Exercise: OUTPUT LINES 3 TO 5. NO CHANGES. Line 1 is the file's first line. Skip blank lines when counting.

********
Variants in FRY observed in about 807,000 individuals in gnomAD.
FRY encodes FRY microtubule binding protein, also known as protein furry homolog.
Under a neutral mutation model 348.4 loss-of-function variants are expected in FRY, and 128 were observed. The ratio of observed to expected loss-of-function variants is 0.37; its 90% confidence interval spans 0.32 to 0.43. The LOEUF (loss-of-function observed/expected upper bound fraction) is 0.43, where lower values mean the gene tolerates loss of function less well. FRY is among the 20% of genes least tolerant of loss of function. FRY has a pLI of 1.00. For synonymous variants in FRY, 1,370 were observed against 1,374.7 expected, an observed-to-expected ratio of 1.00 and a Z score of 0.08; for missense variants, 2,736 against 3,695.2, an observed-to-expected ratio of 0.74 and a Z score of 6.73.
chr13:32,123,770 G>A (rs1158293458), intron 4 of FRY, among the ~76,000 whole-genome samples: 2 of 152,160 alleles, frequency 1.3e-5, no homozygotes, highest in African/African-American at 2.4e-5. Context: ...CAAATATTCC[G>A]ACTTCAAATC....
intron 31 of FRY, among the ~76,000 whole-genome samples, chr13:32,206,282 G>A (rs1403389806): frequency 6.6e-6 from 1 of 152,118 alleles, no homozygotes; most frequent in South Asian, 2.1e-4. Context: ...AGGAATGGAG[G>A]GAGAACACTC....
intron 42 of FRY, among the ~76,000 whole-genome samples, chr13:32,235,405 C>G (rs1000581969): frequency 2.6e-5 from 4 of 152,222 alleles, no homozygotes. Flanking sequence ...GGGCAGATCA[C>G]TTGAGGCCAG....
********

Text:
Under a neutral mutation model 348.4 loss-of-function variants are expected in FRY, and 128 were observed. The ratio of observed to expected loss-of-function variants is 0.37; its 90% confidence interval spans 0.32 to 0.43. The LOEUF (loss-of-function observed/expected upper bound fraction) is 0.43, where lower values mean the gene tolerates loss of function less well. FRY is among the 20% of genes least tolerant of loss of function. FRY has a pLI of 1.00. For synonymous variants in FRY, 1,370 were observed against 1,374.7 expected, an observed-to-expected ratio of 1.00 and a Z score of 0.08; for missense variants, 2,736 against 3,695.2, an observed-to-expected ratio of 0.74 and a Z score of 6.73.
chr13:32,123,770 G>A (rs1158293458), intron 4 of FRY, among the ~76,000 whole-genome samples: 2 of 152,160 alleles, frequency 1.3e-5, no homozygotes, highest in African/African-American at 2.4e-5. Context: ...CAAATATTCC[G>A]ACTTCAAATC....
intron 31 of FRY, among the ~76,000 whole-genome samples, chr13:32,206,282 G>A (rs1403389806): frequency 6.6e-6 from 1 of 152,118 alleles, no homozygotes; most frequent in South Asian, 2.1e-4. Context: ...AGGAATGGAG[G>A]GAGAACACTC....